When you are buying a business, your Purchase Agreement absolutely MUST have a Due Diligence Clause.
You see you will be making your decision about buying the business based on the representations of the current owner, as well as their Business Broker.
So a Due Diligence is your chance to make sure that everything they have represented to you about the business is true. And it is your chance to dig a little deeper and see if there is anything they haven’t been telling you!
Now we aren’t suggesting most people trying to sell you a business are trying to rip you off. But unfortunately it does happen and you need to do all you can to protect yourself!
Even if they don’t deliberately mean to do the wrong thing, you still need to perform your checks.
You see every business owner will have a better view of their business, and a somewhat inflated opinion of its true value. It is only natural. Usually, they have been involved in it for so long, and they have invested so much of themselves into it, they can’t help but be attached and have slightly less than an objective view of its real worth.
Then there are the business owners who may not actually be particularly good operators. Or at the very least they aren’t fully versed in all their figures and the realities of their business’ performance.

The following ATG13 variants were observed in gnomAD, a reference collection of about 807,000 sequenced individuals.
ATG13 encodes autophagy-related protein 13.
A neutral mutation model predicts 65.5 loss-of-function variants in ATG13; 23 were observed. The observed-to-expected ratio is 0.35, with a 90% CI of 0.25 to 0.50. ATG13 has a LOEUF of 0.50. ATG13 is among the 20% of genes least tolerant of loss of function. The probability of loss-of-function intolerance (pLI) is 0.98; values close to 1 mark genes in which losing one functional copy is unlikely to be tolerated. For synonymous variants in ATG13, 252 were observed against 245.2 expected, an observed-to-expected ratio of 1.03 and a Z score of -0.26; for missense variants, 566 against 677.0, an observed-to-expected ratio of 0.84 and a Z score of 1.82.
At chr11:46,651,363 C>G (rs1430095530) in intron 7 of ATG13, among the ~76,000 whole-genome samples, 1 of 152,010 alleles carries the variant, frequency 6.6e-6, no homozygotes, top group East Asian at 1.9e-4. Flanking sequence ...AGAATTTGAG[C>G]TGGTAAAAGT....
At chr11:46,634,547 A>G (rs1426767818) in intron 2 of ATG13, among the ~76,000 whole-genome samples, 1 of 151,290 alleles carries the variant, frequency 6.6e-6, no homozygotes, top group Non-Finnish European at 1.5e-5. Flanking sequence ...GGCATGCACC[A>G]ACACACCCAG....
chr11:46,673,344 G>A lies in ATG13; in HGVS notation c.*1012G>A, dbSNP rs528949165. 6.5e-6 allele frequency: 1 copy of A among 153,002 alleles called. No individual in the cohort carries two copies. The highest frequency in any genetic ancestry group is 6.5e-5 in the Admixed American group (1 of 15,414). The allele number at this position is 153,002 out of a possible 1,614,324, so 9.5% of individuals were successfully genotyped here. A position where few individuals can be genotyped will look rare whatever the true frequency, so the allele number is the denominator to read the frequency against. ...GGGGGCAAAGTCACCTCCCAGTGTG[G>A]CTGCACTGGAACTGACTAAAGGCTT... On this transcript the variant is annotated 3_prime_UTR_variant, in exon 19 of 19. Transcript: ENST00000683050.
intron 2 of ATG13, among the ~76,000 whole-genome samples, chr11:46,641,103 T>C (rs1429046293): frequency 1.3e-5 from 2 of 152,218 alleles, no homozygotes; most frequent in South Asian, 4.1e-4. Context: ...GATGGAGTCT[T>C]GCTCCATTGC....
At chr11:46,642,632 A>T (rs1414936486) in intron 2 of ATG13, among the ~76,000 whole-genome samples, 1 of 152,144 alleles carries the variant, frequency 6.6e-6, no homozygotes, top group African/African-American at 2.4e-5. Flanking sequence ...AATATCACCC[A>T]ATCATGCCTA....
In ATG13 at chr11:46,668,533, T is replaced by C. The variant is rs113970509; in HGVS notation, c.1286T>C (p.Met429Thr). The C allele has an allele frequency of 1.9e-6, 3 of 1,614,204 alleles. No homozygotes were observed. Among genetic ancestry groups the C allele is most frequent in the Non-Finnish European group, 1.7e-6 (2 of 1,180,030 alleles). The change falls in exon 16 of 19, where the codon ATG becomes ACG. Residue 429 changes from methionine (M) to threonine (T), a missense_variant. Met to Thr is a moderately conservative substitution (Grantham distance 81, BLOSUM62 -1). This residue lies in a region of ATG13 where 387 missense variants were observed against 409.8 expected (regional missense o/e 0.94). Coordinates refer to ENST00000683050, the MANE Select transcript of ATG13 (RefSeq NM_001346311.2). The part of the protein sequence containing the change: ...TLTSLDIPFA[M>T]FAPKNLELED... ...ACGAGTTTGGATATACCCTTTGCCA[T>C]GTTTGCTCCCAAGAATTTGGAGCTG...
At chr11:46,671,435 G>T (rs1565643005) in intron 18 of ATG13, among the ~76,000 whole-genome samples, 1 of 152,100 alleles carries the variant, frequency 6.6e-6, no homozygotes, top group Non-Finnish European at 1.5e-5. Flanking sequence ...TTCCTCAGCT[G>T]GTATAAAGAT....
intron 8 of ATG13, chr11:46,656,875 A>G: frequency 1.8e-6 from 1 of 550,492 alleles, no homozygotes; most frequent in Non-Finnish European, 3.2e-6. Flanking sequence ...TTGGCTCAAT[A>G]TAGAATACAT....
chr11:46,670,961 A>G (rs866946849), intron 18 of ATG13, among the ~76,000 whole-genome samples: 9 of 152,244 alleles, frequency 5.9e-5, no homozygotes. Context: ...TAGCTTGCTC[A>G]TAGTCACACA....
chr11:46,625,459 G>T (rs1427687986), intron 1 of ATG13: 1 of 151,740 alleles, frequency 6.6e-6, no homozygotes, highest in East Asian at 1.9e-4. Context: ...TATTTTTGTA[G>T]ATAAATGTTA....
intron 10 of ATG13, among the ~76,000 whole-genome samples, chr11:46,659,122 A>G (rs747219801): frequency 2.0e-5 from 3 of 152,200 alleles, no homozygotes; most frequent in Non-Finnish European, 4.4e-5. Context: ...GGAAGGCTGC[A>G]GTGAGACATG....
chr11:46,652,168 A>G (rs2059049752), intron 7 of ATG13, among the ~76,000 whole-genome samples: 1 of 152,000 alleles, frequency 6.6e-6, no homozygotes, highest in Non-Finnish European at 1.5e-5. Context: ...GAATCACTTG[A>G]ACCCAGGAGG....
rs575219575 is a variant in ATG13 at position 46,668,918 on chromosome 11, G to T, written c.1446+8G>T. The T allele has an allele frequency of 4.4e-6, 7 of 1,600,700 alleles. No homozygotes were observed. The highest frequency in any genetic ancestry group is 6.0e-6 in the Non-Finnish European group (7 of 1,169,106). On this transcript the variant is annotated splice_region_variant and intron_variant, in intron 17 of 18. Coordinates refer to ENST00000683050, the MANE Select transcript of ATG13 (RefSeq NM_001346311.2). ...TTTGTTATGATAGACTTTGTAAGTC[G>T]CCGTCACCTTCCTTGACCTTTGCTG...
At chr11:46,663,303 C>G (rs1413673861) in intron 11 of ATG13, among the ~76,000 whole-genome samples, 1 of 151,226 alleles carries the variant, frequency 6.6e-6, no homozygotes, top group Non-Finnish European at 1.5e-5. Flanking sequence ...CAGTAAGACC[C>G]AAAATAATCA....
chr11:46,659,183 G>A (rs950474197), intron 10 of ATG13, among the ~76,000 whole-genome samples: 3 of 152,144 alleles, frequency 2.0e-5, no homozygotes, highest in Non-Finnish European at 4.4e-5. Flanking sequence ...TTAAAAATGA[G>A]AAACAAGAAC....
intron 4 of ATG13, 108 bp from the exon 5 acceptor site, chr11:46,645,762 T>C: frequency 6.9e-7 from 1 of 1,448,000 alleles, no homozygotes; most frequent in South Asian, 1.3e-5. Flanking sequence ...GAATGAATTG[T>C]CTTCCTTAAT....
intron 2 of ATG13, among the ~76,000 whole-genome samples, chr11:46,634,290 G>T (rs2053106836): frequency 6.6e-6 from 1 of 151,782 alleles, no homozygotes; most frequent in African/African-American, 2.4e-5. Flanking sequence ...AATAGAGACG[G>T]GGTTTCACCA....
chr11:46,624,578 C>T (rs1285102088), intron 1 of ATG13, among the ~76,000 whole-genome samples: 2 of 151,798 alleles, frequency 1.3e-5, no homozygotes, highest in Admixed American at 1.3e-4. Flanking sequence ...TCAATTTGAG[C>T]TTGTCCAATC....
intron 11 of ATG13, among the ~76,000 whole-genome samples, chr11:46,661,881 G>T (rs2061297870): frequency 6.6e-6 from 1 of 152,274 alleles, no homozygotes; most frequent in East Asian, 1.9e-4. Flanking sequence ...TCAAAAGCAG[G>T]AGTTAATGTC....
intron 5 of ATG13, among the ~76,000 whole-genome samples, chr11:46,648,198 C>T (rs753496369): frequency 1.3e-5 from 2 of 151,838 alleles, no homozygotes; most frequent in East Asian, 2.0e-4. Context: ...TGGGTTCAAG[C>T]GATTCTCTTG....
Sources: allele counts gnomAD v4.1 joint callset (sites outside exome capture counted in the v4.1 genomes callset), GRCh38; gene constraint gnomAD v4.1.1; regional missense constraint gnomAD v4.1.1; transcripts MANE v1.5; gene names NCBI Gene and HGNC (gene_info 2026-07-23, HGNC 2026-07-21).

The Due Diligence is your chance to check things out and make sure no one is missing anything.
We perform two forms of Due Diligence.
The first is what is referred to as a “Desktop” Due Diligence. This means we won’t visit the premises and instead will perform a high-level review of documentation provided to us by the current business owner and their Accountant.
A Desktop Due Diligence clearly has its shortcomings, it simply isn’t possible to undertake in-depth analysis and investigations into the business. The purpose of a Desktop Due Diligence is to provide a low to moderate level of confidence about the business, but clearly, there are few assurances able to be provided. It will, however, pick up the most glaring shortcomings if they exist.
The clear benefit of a Desktop Due Diligence is the cost. It will generally be between 25% to 50% of the cost of a Full Due Diligence.
A Full Due Diligence involves time spent on the business premises, in-depth inquiries of the current business owners, inquiries from customers, of suppliers, reviewing of source documentation and transactions. Clearly, it gives the best chance of uncovering any shortcomings. The cost is higher, but the confidence level it can provide, and the losses it may well help you avoid, can make it more than worthwhile. In fact, the return on investment, relative to buying a business that will not be as successful as you hope could be 10, 20 or more times its cost.
Accounting & Tax
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